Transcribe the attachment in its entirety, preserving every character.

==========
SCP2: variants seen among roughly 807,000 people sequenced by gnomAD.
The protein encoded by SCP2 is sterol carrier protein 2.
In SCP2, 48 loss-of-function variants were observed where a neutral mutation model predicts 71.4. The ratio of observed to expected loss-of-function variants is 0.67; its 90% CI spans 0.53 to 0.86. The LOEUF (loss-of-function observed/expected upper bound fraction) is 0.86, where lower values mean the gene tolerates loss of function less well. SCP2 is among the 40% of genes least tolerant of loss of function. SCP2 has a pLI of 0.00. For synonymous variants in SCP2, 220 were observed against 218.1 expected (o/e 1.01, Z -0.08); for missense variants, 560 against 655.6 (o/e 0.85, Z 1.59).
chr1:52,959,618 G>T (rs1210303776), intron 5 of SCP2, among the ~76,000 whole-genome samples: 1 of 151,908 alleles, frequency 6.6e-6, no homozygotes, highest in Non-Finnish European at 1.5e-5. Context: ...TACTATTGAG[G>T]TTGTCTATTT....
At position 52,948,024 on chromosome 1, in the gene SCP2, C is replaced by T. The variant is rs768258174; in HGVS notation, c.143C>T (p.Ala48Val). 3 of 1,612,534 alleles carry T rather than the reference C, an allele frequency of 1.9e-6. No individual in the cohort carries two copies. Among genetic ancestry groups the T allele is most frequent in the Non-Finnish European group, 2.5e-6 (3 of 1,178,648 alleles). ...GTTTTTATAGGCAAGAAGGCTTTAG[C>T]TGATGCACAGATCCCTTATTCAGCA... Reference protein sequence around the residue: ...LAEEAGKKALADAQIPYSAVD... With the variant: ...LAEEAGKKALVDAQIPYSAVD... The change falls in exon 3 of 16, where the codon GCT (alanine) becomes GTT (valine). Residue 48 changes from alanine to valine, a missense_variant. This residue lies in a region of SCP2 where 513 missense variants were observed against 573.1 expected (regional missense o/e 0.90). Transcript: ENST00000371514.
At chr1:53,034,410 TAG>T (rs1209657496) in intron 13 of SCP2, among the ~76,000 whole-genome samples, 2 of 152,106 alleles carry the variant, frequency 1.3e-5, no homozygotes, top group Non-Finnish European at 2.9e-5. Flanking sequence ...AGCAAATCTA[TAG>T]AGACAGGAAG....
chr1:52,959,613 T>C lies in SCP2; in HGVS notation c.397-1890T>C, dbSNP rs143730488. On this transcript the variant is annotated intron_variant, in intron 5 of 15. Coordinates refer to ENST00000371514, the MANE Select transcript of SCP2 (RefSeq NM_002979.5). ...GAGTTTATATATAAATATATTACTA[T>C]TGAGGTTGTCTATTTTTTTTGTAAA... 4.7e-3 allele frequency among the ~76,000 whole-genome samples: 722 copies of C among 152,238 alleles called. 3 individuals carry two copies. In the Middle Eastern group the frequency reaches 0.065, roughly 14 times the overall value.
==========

SCP2: variants seen among roughly 807,000 people sequenced by gnomAD.
The protein encoded by SCP2 is sterol carrier protein 2.
In SCP2, 48 loss-of-function variants were observed where a neutral mutation model predicts 71.4. The ratio of observed to expected loss-of-function variants is 0.67; its 90% CI spans 0.53 to 0.86. The LOEUF (loss-of-function observed/expected upper bound fraction) is 0.86, where lower values mean the gene tolerates loss of function less well. SCP2 is among the 40% of genes least tolerant of loss of function. SCP2 has a pLI of 0.00. For synonymous variants in SCP2, 220 were observed against 218.1 expected (o/e 1.01, Z -0.08); for missense variants, 560 against 655.6 (o/e 0.85, Z 1.59).
chr1:52,959,618 G>T (rs1210303776), intron 5 of SCP2, among the ~76,000 whole-genome samples: 1 of 151,908 alleles, frequency 6.6e-6, no homozygotes, highest in Non-Finnish European at 1.5e-5. Context: ...TACTATTGAG[G>T]TTGTCTATTT....
At position 52,948,024 on chromosome 1, in the gene SCP2, C is replaced by T. The variant is rs768258174; in HGVS notation, c.143C>T (p.Ala48Val). 3 of 1,612,534 alleles carry T rather than the reference C, an allele frequency of 1.9e-6. No individual in the cohort carries two copies. Among genetic ancestry groups the T allele is most frequent in the Non-Finnish European group, 2.5e-6 (3 of 1,178,648 alleles). ...GTTTTTATAGGCAAGAAGGCTTTAG[C>T]TGATGCACAGATCCCTTATTCAGCA... Reference protein sequence around the residue: ...LAEEAGKKALADAQIPYSAVD... With the variant: ...LAEEAGKKALVDAQIPYSAVD... The change falls in exon 3 of 16, where the codon GCT (alanine) becomes GTT (valine). Residue 48 changes from alanine to valine, a missense_variant. This residue lies in a region of SCP2 where 513 missense variants were observed against 573.1 expected (regional missense o/e 0.90). Transcript: ENST00000371514.
At chr1:53,034,410 TAG>T (rs1209657496) in intron 13 of SCP2, among the ~76,000 whole-genome samples, 2 of 152,106 alleles carry the variant, frequency 1.3e-5, no homozygotes, top group Non-Finnish European at 2.9e-5. Flanking sequence ...AGCAAATCTA[TAG>T]AGACAGGAAG....
chr1:52,959,613 T>C lies in SCP2; in HGVS notation c.397-1890T>C, dbSNP rs143730488. On this transcript the variant is annotated intron_variant, in intron 5 of 15. Coordinates refer to ENST00000371514, the MANE Select transcript of SCP2 (RefSeq NM_002979.5). ...GAGTTTATATATAAATATATTACTA[T>C]TGAGGTTGTCTATTTTTTTTGTAAA... 4.7e-3 allele frequency among the ~76,000 whole-genome samples: 722 copies of C among 152,238 alleles called. 3 individuals carry two copies. In the Middle Eastern group the frequency reaches 0.065, roughly 14 times the overall value.